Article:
But what are we to make of Aristophanes (c. 450–385 B.C.), the classical world’s premier comic writer, who indulged in humor that can hardly be called sublime? As the Bloomsbury wit Lytton Strachey wrote, Aristophanes’ style is, “in the ordinary sense of the word, indecent.” Strachey’s 1913 essay “The Old Comedy” traced “that long line of writers who, from Aristophanes to Anatole France, have taken as the theme for their variations of humor and fancy one of the very few universal elements in the nature of man.” Aristophanes reveled in obscenity as a dog off its leash will roll happily in filth; his Athenian audience, surely as perceptive as the crowds at the Globe Theatre or the grandees at the court of Louis XIV, found high sport in the debauchery. The imagination of the private parts knew no more enthusiastic public advocate. Nothing was too nasty for him to find entertaining. Some of his choicest gross-out gags surprise one into sputtering with laughter even now, when one has seen and heard everything. His preferred instrument was not rapier wit, but the bludgeon that stuns its victims into a belly laugh.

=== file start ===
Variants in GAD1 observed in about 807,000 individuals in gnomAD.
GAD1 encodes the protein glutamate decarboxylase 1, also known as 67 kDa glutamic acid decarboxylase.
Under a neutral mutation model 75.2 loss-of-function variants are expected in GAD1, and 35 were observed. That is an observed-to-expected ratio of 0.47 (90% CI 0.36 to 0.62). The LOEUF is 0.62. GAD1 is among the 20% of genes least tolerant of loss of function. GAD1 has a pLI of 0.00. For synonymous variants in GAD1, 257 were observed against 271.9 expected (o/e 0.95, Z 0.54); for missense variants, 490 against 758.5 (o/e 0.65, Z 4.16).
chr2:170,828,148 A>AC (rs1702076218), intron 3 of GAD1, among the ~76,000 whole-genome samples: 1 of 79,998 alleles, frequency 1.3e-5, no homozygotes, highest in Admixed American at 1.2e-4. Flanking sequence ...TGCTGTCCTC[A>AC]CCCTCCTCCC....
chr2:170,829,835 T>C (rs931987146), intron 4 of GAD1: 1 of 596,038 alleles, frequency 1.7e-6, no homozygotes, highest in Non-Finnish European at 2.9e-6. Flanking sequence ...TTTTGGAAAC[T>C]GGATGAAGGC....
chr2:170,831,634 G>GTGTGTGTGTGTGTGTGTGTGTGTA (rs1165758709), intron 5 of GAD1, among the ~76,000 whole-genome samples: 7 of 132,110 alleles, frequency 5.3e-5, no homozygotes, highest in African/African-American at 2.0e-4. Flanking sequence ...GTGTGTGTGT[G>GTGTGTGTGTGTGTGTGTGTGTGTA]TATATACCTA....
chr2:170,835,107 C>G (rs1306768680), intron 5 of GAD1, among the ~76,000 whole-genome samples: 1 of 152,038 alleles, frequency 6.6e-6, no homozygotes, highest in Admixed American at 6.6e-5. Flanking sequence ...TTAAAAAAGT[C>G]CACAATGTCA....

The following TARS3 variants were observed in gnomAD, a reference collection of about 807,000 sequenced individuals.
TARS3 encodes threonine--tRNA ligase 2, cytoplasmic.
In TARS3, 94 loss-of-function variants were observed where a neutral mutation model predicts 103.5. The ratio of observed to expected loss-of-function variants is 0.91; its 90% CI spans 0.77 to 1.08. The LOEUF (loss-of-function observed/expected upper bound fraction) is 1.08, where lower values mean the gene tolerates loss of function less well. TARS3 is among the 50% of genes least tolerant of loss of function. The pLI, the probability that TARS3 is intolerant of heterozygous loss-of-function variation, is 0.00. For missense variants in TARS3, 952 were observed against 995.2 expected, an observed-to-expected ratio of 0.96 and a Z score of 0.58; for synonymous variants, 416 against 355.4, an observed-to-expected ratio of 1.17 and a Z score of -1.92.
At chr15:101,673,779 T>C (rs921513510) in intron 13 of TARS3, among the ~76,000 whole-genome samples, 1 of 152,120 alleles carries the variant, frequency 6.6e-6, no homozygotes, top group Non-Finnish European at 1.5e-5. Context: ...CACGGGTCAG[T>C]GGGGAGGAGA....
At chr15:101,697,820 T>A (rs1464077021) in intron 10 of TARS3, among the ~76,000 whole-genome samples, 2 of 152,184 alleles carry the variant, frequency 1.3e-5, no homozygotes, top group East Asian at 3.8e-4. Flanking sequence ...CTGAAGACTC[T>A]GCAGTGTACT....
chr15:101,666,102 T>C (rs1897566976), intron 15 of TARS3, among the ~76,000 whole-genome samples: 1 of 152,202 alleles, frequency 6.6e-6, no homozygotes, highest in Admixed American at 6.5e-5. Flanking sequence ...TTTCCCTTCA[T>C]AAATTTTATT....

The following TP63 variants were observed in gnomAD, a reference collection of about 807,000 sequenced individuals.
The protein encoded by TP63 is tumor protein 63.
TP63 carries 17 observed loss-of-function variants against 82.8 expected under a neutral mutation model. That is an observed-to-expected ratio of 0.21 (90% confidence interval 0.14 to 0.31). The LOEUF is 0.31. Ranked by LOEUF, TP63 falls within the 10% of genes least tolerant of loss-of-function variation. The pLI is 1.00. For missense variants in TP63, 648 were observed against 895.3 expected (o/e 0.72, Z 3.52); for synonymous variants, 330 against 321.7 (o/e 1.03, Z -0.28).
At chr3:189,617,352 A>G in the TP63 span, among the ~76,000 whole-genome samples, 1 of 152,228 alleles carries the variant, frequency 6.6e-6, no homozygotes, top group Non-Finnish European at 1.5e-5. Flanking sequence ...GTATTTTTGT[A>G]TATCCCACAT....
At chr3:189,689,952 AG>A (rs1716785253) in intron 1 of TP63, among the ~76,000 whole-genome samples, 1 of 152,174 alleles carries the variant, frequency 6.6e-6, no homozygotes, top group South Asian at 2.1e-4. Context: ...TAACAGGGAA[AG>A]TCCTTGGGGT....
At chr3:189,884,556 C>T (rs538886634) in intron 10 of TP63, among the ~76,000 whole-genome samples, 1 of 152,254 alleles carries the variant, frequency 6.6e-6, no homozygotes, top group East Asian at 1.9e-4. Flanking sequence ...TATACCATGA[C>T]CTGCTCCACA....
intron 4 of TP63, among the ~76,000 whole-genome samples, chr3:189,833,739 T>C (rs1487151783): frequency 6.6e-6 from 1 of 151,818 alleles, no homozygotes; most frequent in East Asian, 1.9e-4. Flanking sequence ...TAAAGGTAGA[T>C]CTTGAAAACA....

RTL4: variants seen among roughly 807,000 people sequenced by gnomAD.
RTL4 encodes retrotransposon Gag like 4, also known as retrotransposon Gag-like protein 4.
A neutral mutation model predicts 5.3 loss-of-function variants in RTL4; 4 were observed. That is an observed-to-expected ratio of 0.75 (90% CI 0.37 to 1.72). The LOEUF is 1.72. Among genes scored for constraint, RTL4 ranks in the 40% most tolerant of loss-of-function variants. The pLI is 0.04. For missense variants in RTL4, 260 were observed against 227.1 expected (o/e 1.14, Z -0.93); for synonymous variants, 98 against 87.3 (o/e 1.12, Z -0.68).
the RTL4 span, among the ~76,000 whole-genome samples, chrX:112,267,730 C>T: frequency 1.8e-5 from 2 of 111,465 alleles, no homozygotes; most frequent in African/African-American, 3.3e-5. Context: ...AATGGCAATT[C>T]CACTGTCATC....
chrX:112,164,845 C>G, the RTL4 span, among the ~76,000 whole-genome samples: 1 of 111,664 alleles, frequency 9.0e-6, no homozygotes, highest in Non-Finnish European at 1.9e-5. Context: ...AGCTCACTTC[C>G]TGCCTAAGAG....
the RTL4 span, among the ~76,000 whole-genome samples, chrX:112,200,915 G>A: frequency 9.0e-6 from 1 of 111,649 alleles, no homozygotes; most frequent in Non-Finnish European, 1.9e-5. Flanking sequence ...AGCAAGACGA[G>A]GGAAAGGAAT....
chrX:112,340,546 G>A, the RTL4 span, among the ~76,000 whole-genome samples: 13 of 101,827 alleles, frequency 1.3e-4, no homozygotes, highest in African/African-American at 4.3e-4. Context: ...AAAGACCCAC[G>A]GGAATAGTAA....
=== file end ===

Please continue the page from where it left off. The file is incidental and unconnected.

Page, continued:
Which is not to say that Aristophanes lacked inventiveness: quite the contrary. He was inexhaustible in dreaming up new sources of amusing disgust. In his final play, Wealth (388 B.C.), the clever slave Cario details the bouquet of an old hag’s fart with the expert nose of a sommelier (she is “[f]arting for fear with a stench worse than a weasel”). Cario proudly declares by comparison that his own farts bear no resemblance to frankincense. It’s the kind of thing we are familiar with from Mel Brooks and the class cut-up in fourth grade, though carried out with singular panache.